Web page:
Aaron Hernandez In Jail: What Life Is Like Behind Bars For The Former New England Patriots Star

Aaron Hernandez
Aaron Hernandez can't watch the Patriots' quest to reach the Super Bowl. Reuters

A year ago, Aaron Hernandez played in the AFC Championship Game. On Sunday, the Patriots will be back in the contest, but this time, Hernandez will be thousands of miles away in a jail cell.

The former NFL star has been in prison since late June after being charged with the murder of Odin Lloyd. He’s currently being held at the Bristol County House of Correction, where he hasn’t even been able to watch his former team make a run towards the Super Bowl. Sheriff Thomas M. Hodgson has told the Boston Herald that Hernandez is not allowed to watch TV.

Hernandez spends all of his time in prison by himself. Because of his celebrity status, the ex-football player doesn’t interact with the rest of the population. Hodgson tells the Herald that Hernandez is alone in his cell for 21 hours each day. In three one-hour intervals, Hernandez is placed in an outdoor pen. The area is only 12-feet by eight-feet, though it’s enough room for him to do some exercise.

“There’s no equipment,” said Hodgson. “It’s basically just a pen. He can do pushups, situps.”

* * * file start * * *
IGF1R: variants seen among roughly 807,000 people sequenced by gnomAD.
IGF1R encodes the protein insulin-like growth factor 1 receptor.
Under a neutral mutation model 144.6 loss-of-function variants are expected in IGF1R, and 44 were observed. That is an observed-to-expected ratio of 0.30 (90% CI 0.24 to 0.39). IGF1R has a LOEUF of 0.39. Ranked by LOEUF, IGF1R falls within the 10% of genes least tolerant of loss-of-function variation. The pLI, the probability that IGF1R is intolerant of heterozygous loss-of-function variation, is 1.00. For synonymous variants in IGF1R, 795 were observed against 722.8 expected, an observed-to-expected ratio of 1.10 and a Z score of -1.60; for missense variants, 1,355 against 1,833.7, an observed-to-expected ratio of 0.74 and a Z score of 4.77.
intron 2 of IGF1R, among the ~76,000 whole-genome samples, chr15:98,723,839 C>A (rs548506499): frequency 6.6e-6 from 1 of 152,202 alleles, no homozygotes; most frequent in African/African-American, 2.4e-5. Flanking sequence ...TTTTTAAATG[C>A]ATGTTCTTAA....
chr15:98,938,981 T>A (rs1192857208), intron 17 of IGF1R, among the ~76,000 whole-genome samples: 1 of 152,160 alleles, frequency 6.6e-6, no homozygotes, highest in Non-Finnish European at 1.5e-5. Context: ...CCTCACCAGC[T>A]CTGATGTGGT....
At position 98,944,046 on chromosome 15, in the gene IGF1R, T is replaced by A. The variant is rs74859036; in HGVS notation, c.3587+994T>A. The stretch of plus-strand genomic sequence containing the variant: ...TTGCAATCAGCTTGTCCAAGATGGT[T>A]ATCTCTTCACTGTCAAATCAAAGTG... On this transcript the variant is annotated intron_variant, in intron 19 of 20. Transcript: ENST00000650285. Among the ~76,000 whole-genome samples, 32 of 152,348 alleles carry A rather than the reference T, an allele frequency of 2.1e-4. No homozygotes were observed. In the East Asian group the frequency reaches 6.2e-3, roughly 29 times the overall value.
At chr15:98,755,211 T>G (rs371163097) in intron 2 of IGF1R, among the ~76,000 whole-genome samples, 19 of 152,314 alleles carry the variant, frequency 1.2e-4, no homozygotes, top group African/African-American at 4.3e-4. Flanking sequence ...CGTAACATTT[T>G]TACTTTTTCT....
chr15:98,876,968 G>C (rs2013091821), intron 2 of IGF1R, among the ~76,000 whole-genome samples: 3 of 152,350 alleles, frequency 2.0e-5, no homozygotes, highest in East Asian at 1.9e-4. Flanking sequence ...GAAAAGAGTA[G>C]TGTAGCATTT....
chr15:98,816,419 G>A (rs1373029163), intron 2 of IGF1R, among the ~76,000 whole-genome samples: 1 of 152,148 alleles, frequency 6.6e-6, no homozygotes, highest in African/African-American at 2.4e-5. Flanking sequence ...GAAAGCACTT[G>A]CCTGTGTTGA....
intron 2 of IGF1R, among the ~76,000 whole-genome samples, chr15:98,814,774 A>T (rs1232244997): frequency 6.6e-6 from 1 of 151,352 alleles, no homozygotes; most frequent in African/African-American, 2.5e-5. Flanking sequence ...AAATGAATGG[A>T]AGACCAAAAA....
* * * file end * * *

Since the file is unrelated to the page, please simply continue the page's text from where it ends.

Hernandez is treated differently than the other inmates. His level of notoriety prevents him from interacting with other prisoners, and he lives in a special-management unit. The other prisoners are permitted to watch two hours of entertainment television each day. Hernandez, however, gets no such privilege. 

“It’s jail,” Hodgson said. “It’s all about standards and sending a message.”

When Hernandez was initially jailed in the summer, there had been some concern from outside groups that he would not be treated fairly. A blog post on the ACLU’s website from July detailed it’s worries about Hernandez’s stay in prison.

"Regardless of what you think of Aaron Hernandez, it's important to take a minute and remember he has not yet been convicted — in the eyes of the law, he is still innocent until proven guilty," read the post on ACLU.org. "But, while awaiting trial, he has been locked alone in a small room with little or no human interaction for over 20 hours a day."

Hodgson told the Boston Globe that Hernandez is treated differently for his own safety. He claimed that Hernandez could be the target of violent attacks by inmates who are trying to “raise their stature.”

On Sunday, Hernandez won’t be able to see his former teammates take on the Denver Broncos. The other prisoners were allowed to watch the second-round matchup between the Patriots and Indianapolis Colts for one hour.

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